July 12, 2023
Take a tiny pinch of ajwain, sprinkle it into your mouth, and chew. Don't worry - it's safe. But, you'll notice that your mouth will immediately warm and you'll taste a strong, slightly bitter flavor. This is from thymol, a plant-based active essential oil that possesses antimicrobial activity and is found in ajwain, thyme, wildflowers, and other natural sources. Thymol is used in many natural disinfectants, toothpaste, and in mouthwash for its ability to fight tooth decay and bad breath. When thymol is extracted from a plant, it looks like a white, crystalline substance. You do want to be careful if you are pregnant or nursing. Other than that, this is a fantastic ingredient to get into your weekly meal rotation, especially when you know how to use it. But consult with a physician to learn more.
In Indian cuisine every spice we use has a purpose and some medicinal quality. Ajwain is particularly personal because on all of my trips to India as a little girl it was the family joke that they would always prepare for my trip with a jar of this spice. You see, I am obsessed with street food. And no matter how much my family told me to stay away from it, I would sneak out of the house with my cousins (I have over fifty and we were all quite naughty as children) to find a street vendor to gobble down forbidden snacks. But, it would never suit my Americanized belly. The first thing I was given any time that happened was a pinch of ajwain, which I now know worked because of its active enzymes. They improve the flow of stomach acids that help to relieve indigestion, bloating, and gas. To this day, I have a jar of it sitting by my bed whenever I feel gassy or get a stomach ache from overeating. You see the theme here, right? Yes, I love to eat!
You may also see ajwain referred to as ajwan, ajowan, bishops weed, omam (in Tamil), thymol seeds, and ajowan caraway. Ajwain is actually an annual herb in the Apiaceae family (the same family as celery, parsley, carrots, caraway, coriander, fennel, and parsnips) that produces small, seed-like fruits similar to caraway and cumin. The fruit is small, beige, and slightly ridged with a tiny, wispy stalk attached. It looks like a seed, but again it's technically a fruit. The plant itself is a small, feathery bush that grows best in sandy and well-drained soil. It can grow in drought conditions and is cultivated in dry and barren areas. Indigenous to Egypt it is also grown in South and West Asia, Iran, and India where it is cultivated in the states of Gujarat and Rajasthan.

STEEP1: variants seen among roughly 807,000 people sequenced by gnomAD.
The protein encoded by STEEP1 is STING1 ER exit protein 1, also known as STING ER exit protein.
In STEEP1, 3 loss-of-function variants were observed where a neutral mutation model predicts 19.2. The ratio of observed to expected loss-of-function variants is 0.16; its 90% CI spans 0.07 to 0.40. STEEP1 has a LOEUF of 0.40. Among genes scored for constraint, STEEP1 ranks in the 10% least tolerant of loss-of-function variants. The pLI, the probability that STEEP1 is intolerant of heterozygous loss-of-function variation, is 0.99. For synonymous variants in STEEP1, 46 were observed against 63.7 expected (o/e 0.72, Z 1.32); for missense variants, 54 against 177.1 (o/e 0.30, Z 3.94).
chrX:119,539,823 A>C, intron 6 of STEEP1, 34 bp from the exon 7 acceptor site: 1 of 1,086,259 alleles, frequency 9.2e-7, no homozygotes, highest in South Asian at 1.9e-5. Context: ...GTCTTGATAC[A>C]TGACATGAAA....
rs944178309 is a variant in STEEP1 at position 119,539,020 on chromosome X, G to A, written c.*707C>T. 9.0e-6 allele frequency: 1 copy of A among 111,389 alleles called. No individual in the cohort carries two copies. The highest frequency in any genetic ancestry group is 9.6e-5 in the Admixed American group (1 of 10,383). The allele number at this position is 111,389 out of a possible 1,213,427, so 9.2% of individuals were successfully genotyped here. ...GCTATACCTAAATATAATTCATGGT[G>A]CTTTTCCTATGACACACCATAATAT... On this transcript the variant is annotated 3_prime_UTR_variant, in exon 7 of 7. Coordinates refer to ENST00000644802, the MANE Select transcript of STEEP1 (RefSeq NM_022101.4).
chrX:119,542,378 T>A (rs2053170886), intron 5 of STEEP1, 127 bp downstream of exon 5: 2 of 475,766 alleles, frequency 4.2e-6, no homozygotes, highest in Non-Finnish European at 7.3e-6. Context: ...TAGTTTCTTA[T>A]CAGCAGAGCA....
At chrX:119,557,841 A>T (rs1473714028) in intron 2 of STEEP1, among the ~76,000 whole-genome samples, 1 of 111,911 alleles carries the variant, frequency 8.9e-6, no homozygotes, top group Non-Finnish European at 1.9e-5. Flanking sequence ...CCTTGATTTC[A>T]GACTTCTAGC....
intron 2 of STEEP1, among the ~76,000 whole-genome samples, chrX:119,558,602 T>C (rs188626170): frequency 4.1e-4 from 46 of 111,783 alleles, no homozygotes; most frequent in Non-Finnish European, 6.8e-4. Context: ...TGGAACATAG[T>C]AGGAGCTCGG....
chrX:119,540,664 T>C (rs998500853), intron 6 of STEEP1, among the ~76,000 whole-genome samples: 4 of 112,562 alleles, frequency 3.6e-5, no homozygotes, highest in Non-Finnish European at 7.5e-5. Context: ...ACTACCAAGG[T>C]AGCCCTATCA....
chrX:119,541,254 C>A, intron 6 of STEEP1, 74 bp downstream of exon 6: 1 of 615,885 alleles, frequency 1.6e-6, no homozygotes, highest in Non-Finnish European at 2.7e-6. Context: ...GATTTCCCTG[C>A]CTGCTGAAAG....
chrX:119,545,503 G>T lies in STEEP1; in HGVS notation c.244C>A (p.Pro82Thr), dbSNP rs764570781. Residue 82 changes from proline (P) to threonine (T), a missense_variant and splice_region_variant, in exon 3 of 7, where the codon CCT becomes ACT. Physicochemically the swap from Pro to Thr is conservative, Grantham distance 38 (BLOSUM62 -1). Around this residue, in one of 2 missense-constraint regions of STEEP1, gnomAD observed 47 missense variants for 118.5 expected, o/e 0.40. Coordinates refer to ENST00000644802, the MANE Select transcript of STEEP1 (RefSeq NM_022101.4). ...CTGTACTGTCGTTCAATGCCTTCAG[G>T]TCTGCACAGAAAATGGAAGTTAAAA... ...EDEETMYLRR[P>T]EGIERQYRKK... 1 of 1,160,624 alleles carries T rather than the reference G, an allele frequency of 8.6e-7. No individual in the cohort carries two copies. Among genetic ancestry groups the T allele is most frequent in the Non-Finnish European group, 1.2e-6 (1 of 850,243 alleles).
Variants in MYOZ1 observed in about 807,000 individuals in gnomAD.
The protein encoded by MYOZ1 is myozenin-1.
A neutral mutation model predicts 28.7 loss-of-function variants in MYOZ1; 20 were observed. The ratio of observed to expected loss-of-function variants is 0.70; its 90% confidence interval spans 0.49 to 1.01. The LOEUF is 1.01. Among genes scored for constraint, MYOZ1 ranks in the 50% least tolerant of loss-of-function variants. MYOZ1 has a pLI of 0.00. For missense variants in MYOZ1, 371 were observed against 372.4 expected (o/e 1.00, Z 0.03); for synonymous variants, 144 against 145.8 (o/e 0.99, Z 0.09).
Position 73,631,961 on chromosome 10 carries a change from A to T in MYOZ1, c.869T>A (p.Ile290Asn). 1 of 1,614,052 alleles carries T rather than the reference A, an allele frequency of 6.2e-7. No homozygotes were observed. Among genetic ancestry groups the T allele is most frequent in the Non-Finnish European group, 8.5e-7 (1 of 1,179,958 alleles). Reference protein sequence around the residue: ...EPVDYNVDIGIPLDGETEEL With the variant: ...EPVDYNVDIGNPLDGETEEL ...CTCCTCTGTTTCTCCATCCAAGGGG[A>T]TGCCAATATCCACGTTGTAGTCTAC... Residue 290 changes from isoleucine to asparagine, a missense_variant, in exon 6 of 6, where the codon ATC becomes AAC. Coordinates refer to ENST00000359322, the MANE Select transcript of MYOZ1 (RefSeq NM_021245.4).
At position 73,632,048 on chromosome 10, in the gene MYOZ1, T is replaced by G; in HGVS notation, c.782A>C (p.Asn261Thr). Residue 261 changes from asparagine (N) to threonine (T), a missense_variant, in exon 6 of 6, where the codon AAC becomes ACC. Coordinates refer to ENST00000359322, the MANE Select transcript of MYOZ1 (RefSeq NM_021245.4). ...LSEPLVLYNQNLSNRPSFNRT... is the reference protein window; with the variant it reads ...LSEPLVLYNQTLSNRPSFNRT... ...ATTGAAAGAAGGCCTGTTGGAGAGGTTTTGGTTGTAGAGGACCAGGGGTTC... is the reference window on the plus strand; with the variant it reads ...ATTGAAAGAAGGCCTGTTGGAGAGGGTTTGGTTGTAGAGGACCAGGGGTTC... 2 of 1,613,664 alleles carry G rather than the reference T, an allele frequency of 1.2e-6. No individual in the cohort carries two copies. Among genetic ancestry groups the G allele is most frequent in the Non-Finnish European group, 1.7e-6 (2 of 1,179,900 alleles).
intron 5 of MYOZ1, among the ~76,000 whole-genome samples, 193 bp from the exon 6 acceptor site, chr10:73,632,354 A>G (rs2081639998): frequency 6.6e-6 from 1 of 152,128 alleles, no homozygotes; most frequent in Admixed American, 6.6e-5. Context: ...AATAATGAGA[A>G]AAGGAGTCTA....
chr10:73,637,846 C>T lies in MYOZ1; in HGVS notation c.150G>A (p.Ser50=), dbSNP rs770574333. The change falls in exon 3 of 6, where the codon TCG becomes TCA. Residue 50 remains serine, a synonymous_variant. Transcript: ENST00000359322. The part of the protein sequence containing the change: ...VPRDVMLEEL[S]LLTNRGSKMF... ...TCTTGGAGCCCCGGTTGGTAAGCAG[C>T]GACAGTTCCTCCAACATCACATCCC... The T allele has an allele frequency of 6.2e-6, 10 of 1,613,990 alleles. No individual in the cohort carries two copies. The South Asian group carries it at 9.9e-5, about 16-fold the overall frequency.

The taste is sharp and slightly bitter. I like to say a combination of thyme, oregano, and anise. Because the flavor is strong, we use it sparingly in our dishes. We use it in various chickpea flour dishes including pakoras, in samosas, and in breads like parantha. If you are really familiar with Indian cuisine and have had our savory Indian biscuit called a matti, we use it in that as well. It is also often used in dal mixed with rice called kitchari, which makes sense because that's what we eat when we have an upset stomach.
If you want to give this amazing spice a try, we'd be happy to include a sample with any purchase of $25 or more from our website. Just go to 'Shop Now,' to place your order for cookbooks, spices, sauces, and more, and then email me directly to send you a sample along with your purchase. My personal email is firstname.lastname@example.org. If we see interest in it, we may just include it in our spice offering.
Remember, when you have questions about your own health or when trying something new, talk with your physician first.
Some references for more on spices:
Healing Spices by Bharat B. Aggarwal with Debora Yost
The Indian Grocery Store Demystified by Linda Bladholm
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